For the past several days, Bitcoin/self-promoters have been touting the cryptocurrency as a safe haven from uncertainty in the markets. In other words, they are letting fantasy get in the way of reality.
It’s easy to ascribe recent moves in Bitcoin to shaky trade talks. On August 1, President Trump tweeted that the U.S. would lob 10% more in tariffs on another $300 billion in Chinese goods starting September 1 in addition to the 25% that was thrown on $250 billion earlier.
The S&P 500 closed down nearly 1% that day and peeled off about 100 points within a week. Meanwhile, Bitcoin rallied 3% that day and added about $1,800 in value seven days later. Likewise, when it seemed trade tensions were easing on August 13, the S&P 500 rallied 1.8% by midday while Bitcoin pulled back 2.6%.
“See?” say the touters to the doubters. “An inverse correlation! The kids are all using Bitcoin as safety the way the oldsters used to use gold!”
[Editor’s note: Nick Whittemore’s roundup on Twitter gives some insight into the argument that money fled to Bitcoin in the wake U.S.-China trade tensions (hat tip to Messari)].
It’s a narrative that sounds especially reasonable since gold also moved 3% higher on August 1 and dropped 3% when the Trump Administration announced it was holding off on some additional tariffs until December.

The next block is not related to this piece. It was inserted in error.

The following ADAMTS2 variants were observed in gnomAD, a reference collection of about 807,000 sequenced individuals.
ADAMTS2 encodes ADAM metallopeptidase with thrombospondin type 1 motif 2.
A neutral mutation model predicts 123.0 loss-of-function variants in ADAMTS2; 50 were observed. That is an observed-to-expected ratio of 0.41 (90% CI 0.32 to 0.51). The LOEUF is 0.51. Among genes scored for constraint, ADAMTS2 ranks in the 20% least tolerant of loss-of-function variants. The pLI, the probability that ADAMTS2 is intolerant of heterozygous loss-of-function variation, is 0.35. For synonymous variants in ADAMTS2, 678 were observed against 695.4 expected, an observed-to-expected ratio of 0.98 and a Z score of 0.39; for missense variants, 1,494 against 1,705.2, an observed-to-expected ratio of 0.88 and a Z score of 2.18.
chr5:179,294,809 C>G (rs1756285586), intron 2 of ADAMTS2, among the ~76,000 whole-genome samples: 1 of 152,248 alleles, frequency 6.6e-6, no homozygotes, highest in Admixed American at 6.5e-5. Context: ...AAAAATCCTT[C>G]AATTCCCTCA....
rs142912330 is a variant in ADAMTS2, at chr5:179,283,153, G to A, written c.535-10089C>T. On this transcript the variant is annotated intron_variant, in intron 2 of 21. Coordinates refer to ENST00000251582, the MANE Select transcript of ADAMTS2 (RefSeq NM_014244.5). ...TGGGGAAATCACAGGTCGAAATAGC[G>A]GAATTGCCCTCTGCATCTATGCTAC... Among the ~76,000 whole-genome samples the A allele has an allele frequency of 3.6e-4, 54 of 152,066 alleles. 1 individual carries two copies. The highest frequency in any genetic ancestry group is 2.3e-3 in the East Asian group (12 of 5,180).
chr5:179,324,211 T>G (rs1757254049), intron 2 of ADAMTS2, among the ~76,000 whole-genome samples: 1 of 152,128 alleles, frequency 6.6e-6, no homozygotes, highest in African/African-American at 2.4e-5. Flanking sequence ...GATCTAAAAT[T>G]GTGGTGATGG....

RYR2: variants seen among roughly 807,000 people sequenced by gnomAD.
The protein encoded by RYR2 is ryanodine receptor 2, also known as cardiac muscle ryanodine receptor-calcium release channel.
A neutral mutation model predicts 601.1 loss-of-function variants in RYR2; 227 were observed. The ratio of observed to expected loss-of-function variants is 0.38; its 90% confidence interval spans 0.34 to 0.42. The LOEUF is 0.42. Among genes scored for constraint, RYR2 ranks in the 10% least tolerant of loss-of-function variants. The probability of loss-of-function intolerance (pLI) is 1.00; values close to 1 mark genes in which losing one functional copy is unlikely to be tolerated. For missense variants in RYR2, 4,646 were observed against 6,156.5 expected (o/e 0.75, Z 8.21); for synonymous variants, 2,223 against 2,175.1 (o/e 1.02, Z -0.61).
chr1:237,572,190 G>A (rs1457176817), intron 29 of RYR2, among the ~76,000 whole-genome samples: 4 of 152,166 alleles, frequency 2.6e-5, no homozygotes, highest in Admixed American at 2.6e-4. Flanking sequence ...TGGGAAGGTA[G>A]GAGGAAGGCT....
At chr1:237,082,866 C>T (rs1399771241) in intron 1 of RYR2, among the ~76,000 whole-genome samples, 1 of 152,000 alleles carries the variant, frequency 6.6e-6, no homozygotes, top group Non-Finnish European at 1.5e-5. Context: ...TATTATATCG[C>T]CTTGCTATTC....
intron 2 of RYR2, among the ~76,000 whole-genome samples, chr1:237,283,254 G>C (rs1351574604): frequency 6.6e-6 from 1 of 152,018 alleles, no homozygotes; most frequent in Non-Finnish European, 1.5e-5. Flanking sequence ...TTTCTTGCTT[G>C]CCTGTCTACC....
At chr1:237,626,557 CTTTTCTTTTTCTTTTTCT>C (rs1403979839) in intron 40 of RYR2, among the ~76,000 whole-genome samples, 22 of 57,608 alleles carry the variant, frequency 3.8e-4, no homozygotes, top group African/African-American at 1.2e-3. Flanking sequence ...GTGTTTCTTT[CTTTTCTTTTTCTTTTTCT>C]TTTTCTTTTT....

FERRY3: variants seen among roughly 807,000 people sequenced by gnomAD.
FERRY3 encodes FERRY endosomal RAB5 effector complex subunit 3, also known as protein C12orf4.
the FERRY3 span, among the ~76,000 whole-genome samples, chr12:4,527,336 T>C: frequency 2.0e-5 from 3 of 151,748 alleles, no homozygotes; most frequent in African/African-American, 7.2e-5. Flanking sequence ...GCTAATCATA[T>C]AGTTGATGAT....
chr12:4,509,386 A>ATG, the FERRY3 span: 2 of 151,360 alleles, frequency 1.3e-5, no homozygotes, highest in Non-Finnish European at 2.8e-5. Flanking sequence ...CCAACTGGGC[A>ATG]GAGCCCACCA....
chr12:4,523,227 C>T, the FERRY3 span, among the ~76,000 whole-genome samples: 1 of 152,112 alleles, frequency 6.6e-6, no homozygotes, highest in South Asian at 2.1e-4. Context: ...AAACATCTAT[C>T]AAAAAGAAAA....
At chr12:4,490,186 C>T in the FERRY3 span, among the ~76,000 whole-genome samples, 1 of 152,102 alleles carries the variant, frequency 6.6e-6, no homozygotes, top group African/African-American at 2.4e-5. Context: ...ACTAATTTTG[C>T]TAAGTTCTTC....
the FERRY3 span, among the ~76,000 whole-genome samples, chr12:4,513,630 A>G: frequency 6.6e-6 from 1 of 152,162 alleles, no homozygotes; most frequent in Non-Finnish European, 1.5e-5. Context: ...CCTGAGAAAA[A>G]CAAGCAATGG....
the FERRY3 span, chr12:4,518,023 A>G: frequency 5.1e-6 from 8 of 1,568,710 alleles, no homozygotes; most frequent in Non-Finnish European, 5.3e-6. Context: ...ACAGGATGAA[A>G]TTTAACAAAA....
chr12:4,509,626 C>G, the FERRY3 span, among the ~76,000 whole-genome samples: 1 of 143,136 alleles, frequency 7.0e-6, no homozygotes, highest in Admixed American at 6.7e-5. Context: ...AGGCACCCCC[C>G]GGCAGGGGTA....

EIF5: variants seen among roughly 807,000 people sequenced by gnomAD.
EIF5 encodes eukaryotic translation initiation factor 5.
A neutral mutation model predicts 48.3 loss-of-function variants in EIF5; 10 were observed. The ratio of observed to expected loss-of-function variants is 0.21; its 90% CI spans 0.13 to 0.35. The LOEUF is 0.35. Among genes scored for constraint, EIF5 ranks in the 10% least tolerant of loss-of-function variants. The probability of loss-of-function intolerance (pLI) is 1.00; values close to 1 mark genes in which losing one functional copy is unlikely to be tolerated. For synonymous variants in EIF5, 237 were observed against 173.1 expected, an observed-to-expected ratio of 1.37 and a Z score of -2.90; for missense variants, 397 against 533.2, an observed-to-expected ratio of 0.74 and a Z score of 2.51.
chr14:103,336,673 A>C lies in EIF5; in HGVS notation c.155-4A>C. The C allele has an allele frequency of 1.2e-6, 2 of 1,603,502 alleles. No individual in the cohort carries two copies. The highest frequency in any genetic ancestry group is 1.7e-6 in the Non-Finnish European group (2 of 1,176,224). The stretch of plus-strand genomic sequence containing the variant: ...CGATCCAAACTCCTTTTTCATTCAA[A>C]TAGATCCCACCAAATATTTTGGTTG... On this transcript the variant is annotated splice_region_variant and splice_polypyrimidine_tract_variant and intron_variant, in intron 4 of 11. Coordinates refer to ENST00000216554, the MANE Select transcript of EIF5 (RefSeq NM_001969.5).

But data say something completely different. Yes, Bitcoin has soared about 178% since April Fools Day and gold is up 17%. But the two aren’t correlated. Nor are Bitcoin’s price moves related to U.S. stocks.
The 180-day correlation coefficient of gold and Bitcoin is 0.13 as of this writing—in other words, almost zilch. Bitcoin’s correlation coefficient with the S&P 500 for the past six months is -0.06, so also nada.
Thus the Gold Replacement Theology one may see on Twitter doesn’t quite hold up to facts or mathematics. Besides, data aren’t as good for use in jewelry; a majority of chumps have yet to buy their significant others a bitcoin or two when they’re caught with an AshleyMadison.com account.
And looming over the horizon remains central bank actions and global growth—or lack thereof. If interest rates in industrialized countries continue to hover around the 0% mark, the argument that Bitcoin’s finite supply is a hedge against inflation may be faced with a giant “so what?” by the market.
In places like Denmark, we’re even seeing negative mortgage rates; banks are paying customers to take out loans. HODLers have to hope we see more situations like Venezuela, where Maduro’s catastrophic—and deadly—policies are making cryptocurrencies the only means of payments for many. And more recently, there’s Argentina, where the dreaded possible return of Christina Kirchner in any position of power brutally sliced the country’s stocks in half overnight and tanked the peso by 15%; perhaps Bitcoin will be as appealing as hard assets to overcome further devaluation.
So for now, hoping that Bitcoin will serve as the go-to asset in economic crises is a dream that’s a long way off.
Then again, the United States may well elect its own Kirchner next year, for all we know.